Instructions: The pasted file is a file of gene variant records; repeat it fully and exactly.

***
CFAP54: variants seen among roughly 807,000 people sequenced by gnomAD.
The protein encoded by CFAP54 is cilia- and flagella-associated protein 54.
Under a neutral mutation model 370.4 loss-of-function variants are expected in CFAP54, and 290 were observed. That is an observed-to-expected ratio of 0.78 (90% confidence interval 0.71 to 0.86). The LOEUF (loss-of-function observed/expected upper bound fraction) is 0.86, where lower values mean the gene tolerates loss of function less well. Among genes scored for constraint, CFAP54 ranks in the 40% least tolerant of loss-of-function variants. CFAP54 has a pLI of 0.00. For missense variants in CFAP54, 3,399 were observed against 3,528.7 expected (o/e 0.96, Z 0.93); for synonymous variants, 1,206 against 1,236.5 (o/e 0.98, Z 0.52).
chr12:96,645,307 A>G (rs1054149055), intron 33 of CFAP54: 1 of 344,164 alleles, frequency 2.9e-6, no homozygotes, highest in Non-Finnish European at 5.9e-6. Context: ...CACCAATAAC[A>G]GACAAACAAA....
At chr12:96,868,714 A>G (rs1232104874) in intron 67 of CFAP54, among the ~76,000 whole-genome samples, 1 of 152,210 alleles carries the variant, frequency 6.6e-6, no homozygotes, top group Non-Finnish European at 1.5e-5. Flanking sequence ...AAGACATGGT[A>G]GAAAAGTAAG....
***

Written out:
CFAP54: variants seen among roughly 807,000 people sequenced by gnomAD.
The protein encoded by CFAP54 is cilia- and flagella-associated protein 54.
Under a neutral mutation model 370.4 loss-of-function variants are expected in CFAP54, and 290 were observed. That is an observed-to-expected ratio of 0.78 (90% confidence interval 0.71 to 0.86). The LOEUF (loss-of-function observed/expected upper bound fraction) is 0.86, where lower values mean the gene tolerates loss of function less well. Among genes scored for constraint, CFAP54 ranks in the 40% least tolerant of loss-of-function variants. CFAP54 has a pLI of 0.00. For missense variants in CFAP54, 3,399 were observed against 3,528.7 expected (o/e 0.96, Z 0.93); for synonymous variants, 1,206 against 1,236.5 (o/e 0.98, Z 0.52).
chr12:96,645,307 A>G (rs1054149055), intron 33 of CFAP54: 1 of 344,164 alleles, frequency 2.9e-6, no homozygotes, highest in Non-Finnish European at 5.9e-6. Context: ...CACCAATAAC[A>G]GACAAACAAA....
At chr12:96,868,714 A>G (rs1232104874) in intron 67 of CFAP54, among the ~76,000 whole-genome samples, 1 of 152,210 alleles carries the variant, frequency 6.6e-6, no homozygotes, top group Non-Finnish European at 1.5e-5. Flanking sequence ...AAGACATGGT[A>G]GAAAAGTAAG....